6. It's a bad influence.
My kids do pick up on slang and learn quite a bit about things I haven't introduced. For the most part it's things we don't often see in daily life, like surfing or tumble weeds. Sometimes I'll hear a word like "stupid" get tested. Why am I not worried about this? Because as his best source of reliable information he trusts me over the tv. I really am his biggest influence in life.
And when I'm no longer, I trust that he'll have a good foundation of having made plenty of choices with support. If I see something questionable arise either on screen or in person we discuss it. In the simplest terms I can. And if it's something gets too dark or racy, I'll tell him that it's meant for grown ups or teenagers or may be inappropriate for his age. He already knows that he doesn't like scary things or shows that get too emotional and has yet to protest. And if he did, I'd make sure to stay close and watch him watching. Keep a eye on what he's taking in. Does it seem like it's confusing him? Bothering him? And then we'd most likely find out in play.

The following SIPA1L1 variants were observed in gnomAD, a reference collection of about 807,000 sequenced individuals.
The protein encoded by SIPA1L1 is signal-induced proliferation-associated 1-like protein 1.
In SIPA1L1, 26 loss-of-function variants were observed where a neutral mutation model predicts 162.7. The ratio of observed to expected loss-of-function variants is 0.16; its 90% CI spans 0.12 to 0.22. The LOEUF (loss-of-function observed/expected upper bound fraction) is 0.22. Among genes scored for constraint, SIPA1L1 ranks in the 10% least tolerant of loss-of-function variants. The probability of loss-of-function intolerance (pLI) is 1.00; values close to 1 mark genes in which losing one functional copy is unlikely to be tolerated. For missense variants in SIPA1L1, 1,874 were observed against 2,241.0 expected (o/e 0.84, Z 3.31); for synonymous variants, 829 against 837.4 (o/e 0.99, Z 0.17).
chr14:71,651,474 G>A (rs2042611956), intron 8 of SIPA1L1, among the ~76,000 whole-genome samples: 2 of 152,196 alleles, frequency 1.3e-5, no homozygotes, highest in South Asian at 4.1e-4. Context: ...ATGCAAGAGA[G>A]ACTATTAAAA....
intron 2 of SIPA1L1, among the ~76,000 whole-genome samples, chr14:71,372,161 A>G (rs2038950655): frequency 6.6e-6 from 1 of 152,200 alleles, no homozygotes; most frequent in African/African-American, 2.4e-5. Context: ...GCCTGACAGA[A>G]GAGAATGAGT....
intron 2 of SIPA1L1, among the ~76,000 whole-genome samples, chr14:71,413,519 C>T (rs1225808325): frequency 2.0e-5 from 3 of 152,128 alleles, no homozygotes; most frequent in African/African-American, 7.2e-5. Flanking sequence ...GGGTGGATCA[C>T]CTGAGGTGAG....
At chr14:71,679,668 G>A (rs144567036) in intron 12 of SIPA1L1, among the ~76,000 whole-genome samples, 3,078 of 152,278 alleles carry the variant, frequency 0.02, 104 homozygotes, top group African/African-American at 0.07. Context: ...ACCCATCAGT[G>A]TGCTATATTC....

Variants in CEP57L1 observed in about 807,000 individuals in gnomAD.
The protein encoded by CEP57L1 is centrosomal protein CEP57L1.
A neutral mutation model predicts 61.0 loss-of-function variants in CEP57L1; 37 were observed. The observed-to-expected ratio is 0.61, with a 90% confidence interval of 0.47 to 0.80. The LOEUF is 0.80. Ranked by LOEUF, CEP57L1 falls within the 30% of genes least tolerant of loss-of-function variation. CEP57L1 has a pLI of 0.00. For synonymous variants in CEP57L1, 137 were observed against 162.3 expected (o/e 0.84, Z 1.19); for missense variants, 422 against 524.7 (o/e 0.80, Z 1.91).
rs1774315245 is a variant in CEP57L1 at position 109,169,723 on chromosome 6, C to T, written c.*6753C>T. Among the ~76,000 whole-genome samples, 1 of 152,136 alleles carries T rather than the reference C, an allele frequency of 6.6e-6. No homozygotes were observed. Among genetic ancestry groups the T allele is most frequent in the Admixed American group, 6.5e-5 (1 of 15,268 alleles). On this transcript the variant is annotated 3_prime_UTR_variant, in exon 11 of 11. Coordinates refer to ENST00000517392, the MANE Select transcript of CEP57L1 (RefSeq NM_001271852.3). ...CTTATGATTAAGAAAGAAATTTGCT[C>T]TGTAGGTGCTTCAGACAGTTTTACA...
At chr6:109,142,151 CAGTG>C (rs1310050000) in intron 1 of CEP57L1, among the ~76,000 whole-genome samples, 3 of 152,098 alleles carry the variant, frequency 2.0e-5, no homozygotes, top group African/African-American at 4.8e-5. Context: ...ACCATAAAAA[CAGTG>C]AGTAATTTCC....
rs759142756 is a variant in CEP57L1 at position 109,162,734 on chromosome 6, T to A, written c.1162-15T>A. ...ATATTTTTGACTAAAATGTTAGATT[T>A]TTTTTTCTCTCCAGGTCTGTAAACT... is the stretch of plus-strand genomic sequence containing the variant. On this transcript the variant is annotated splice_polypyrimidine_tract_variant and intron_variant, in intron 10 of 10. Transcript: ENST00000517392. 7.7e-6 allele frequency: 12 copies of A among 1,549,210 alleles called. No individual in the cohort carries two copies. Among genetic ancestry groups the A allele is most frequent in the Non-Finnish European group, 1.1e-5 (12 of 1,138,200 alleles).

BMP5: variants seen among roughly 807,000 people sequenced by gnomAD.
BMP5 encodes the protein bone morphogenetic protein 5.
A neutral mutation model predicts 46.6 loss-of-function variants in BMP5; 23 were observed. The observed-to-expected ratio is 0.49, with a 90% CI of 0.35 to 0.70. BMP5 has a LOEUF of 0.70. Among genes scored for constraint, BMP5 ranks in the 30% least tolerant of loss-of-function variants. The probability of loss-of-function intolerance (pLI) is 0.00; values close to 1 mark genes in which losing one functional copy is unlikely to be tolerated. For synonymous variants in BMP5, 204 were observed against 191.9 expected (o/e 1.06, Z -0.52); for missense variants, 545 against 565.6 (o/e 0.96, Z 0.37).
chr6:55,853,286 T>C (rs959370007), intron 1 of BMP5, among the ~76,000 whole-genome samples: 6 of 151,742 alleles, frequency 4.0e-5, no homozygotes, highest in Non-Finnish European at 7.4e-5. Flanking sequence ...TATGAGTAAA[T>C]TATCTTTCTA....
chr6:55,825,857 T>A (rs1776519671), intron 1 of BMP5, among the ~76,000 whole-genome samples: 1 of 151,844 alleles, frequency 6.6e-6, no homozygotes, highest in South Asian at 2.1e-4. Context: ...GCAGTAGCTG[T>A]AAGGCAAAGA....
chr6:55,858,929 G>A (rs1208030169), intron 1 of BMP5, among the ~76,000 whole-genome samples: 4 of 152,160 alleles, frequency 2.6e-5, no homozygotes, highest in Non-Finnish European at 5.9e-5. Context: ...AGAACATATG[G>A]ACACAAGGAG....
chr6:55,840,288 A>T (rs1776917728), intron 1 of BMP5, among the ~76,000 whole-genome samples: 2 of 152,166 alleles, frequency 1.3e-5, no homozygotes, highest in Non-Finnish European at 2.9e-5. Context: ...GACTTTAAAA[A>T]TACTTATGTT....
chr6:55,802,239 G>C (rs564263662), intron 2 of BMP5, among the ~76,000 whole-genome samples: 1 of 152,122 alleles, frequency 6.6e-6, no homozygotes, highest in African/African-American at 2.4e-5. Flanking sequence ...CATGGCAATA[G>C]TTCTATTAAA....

7. It reduces creativity.
This one kills me. Anyone who knows Vinny or has read this blog can see that couldn't be farther from the truth. If anything it has promoted it.
I've already written a saga here but the next few bullets are imperative. My guidelines so to speak. Here is why I think our experiment was so successful. Enough to hand the remote over again.
1. We use common sense.
Vinny had free reign to choose shows but having some life experience I would disclose if I thought something might be too scary. He's quite sensitive to emotional stuff. Climaxes in movies are the worst. Toy Story 3 was quite the cry fest and he put a stop to movies for a solid year after. Even now I will encourage him to try a movie I think he'll love and pause or turn it at any time. So I would not tune into Friday the 13th and expect all to be well. I don't use the tv free zone to watch whatever I want. Housewives of Beverly Hills doesn't get turned on until after bedtime. I also have noticed he likes some of the older shows because they are less realistic (Adam West Batman anyone?), so I've helped him find some of those on dvds.
2. I watch with him.